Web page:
By Sports and Lifestyle Editor Cole Schisler

As the end of semester approaches, and the specter of final exams loom over many of us, like the dreadful ghost of Christmas Yet-to-Come, cycles of stress and study tend take precedence over health and wellness.  

In order to better understand ways to de-stress, manage my time, and study more effectively, I visited the VIU Health & Wellness centre, and collected some nuggets of wisdom from the counsellors, as well as some handy pamphlets prepared by the counselling staff. 

Top tips: 

Organize a small time investment that works for your life. Whether it be taking a walk, talking to a loved one, preparing a healthy meal, having a nice bubble bath, or going out for a night on the town, try to find something that suits your needs. Make sure to find something small and achievable to decompress from a long day of studying. Trying to do too many things to de-stress can add to your to-do list. Focus on a small, daily task that makes you feel good.

Minimize distractions. 

Try to avoid an excess of unhealthy behaviours like Netflix binging, spending too much time on the internet, or finding solace in substances like drugs and alcohol. While these behaviours might make you feel good in the short term, they may leave you feeling stuck, and can open the door to more stress.

Take breaks.

It may be tempting to hunker down for a night of cramming at home, or at the library, but cramming can often lead to burning out. For every hour spent studying, take a ten-minute break for a short walk outside, get up and move around, a change of scenery can work wonders. If you are working on a project that you really don’t want to do, practice the 15-minute plan: work for 15-minutes, take a five-minute break, then come back and work for another 15 minutes until you’re finished.

Try to regulate your sleep.

For many students, and young people in general, a good nights’ sleep often falls by the wayside, not only in exam periods, but in daily life. Avoid screens and artificial light up to an hour before bedtime. If you can’t turn your mind off, write down your thoughts in a journal, or practice breathing exercises

until you become tired. Also, try reading a boring book, and

avoid spending too much time in your bed when you’re not sleeping. Train your mind to recognize your bed as being for sleep, not for hanging out in.

Put things in perspective.

The pressure to succeed is real, but take a step back and evaluate what really matters. Do you need to get an A in every class? Maybe, but probably not. Make an attainable, and realistic goal for your studies. Decide how good is good enough, and work towards that goal.

Make a study group.

The odds are pretty good that if you’re struggling to study for a particular class, your classmates are as well. Book a study room in the library, or organize a place where you can meet with friends and make the studying more manageable. Being in a group brings a fun, social aspect to studying, and can leave you feeling much happier than studying in a room all by yourself. If you don’t have anyone in mind to study with, raise the idea in class, and see if your classmates are onboard.

Manage your time effectively.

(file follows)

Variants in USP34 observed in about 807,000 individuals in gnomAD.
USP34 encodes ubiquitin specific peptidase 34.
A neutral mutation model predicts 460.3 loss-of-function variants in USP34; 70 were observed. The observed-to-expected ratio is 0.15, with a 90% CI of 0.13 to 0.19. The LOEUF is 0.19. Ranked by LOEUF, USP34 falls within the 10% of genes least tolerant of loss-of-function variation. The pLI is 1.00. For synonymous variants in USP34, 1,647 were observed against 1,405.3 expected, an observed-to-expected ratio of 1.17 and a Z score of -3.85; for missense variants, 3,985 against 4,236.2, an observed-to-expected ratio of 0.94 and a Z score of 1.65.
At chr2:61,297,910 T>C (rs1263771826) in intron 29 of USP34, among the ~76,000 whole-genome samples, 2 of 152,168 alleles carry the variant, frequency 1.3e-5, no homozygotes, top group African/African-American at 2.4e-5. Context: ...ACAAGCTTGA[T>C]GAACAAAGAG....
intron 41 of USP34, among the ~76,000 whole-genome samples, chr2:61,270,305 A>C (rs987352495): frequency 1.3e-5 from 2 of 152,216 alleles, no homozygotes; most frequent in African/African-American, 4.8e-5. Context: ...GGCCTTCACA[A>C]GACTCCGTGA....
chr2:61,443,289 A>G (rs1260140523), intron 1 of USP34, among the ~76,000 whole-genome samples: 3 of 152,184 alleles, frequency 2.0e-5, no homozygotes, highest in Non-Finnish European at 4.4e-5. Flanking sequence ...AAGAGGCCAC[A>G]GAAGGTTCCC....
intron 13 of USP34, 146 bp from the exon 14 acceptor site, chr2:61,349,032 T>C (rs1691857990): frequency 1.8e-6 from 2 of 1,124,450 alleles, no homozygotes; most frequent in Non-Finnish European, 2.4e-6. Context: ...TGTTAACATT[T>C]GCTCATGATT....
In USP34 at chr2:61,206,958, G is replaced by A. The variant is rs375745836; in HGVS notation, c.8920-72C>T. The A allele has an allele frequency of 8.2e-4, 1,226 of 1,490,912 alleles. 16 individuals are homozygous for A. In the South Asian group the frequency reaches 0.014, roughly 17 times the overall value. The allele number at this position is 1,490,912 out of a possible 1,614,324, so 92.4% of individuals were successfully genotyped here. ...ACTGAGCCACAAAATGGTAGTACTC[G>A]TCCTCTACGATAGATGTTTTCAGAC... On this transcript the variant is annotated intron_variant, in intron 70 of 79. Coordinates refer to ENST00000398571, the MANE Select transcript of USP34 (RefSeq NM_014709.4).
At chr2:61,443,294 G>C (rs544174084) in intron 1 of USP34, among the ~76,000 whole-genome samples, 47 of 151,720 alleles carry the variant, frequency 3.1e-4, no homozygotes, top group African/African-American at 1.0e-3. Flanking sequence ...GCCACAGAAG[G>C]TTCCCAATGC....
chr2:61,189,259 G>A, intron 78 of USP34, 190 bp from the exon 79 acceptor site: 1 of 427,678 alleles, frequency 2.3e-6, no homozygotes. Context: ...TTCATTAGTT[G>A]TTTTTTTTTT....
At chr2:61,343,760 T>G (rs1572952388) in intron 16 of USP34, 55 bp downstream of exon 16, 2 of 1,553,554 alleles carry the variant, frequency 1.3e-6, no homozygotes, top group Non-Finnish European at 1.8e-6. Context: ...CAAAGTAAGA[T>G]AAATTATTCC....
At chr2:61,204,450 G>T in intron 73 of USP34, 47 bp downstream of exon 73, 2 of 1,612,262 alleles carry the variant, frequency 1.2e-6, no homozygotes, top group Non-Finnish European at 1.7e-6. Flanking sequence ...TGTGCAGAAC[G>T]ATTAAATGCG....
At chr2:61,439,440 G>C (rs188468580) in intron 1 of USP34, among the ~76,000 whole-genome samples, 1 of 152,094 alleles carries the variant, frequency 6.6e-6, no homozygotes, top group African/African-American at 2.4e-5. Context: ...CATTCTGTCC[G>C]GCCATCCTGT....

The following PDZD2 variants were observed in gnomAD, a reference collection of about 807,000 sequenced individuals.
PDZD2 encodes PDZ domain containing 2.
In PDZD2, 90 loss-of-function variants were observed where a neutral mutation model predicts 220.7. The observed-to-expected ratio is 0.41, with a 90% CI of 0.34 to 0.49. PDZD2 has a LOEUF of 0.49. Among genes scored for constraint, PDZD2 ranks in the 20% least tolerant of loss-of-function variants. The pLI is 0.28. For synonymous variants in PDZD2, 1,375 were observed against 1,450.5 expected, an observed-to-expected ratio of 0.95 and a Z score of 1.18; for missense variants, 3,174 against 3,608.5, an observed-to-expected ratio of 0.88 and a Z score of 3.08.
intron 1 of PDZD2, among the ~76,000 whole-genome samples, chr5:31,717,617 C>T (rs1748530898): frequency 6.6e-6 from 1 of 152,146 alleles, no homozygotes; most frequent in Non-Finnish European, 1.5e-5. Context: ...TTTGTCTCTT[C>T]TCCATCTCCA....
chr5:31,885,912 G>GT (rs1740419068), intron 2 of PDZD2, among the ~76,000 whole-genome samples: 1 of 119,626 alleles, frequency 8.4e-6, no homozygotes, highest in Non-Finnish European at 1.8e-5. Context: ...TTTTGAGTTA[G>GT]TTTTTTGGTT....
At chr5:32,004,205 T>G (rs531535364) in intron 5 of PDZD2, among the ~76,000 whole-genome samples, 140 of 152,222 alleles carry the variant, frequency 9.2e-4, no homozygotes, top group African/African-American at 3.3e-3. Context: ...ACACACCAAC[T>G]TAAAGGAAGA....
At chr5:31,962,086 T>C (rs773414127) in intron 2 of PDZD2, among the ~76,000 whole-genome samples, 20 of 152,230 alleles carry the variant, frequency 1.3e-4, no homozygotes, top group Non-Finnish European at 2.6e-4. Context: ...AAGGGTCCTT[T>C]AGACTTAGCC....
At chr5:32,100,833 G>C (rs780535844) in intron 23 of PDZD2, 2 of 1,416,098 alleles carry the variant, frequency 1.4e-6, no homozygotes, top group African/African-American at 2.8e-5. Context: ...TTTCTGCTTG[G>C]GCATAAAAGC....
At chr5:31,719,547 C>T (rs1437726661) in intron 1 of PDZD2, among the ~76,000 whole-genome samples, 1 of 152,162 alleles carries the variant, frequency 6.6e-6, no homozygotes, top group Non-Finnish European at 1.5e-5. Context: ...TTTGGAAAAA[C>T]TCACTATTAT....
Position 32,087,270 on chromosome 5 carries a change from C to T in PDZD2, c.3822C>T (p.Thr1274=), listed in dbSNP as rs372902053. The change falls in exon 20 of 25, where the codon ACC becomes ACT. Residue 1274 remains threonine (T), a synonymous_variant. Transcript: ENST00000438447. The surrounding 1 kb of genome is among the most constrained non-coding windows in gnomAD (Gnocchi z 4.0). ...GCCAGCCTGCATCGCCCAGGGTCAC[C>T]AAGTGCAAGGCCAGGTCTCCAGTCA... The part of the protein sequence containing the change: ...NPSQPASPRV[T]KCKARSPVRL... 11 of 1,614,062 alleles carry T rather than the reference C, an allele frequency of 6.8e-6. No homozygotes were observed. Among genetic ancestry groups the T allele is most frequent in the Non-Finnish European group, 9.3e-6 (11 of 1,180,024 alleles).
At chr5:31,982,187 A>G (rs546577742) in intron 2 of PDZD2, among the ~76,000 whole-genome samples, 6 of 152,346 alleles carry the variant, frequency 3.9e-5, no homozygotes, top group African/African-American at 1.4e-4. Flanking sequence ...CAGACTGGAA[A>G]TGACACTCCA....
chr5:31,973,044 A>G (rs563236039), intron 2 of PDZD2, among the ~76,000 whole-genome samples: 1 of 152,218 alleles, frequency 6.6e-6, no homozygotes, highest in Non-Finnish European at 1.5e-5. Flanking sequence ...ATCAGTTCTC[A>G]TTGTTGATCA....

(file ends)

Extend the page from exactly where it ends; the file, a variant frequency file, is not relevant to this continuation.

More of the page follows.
Time management will look different for everyone. Make a list of all the important tasks you have to do in a day ranging from the most important to the least important. Even if, for example, you only finish two out of six tasks, you’ve still completed the two most important things in your day. Some people like the rush of a last minute dash to get everything done, but it’s a bad habit to fall into. Do your best to find a balance for everything in your life, and don’t forget to make time for yourself.

Download helpful apps, or look up tips online.

There’s a wealth of information out there on time management, and relaxation tips for people with busy lifestyles. One of the best apps, available on both Android and iPhone is MindShift. As described on the Google Play Store, “MindShift will help you learn how to relax, develop more helpful ways of thinking, and identify active steps that will help you take charge of your anxiety.” There are also great websites such as: <>, <>, <>, and a wealth of great videos on YouTube to help as well.

Reach out to others.

If you’re struggling and feel like you’re at the end of your rope, talk to someone. Whether it’s a close friend, a parent, an instructor, or even the staff at the Health & Wellness centre, talk to someone. Often times, the simple act of venting your problems, and talking yourself through them will help you find clarity. Don’t be afraid of burdening others with your issues, find someone who you feel comfortable with, and again, talk to someone.

Most importantly, you don’t have to wait for the holiday season to de-stress. Hopefully, these tips, and others that are available, will help you to take control of your time, and manage your stress in a healthy balance that works best for you. Stress is becoming a bigger problem in our society as we continue into the future, and learning to manage it early in life will help to set us up for success in the future.

If you have any helpful health and wellness tips, please submit them to <>, and I wish you all the best of luck going into the end of semester. Happy holidays.

Cole is a second-year Bachelor of Arts student majoring in creative writing, minoring in political science. He has an interest in all things exciting, mundane, or otherwise. He hopes to one day become an author, actor, comedian, editor, and rapper, while moonlighting as an astronaut.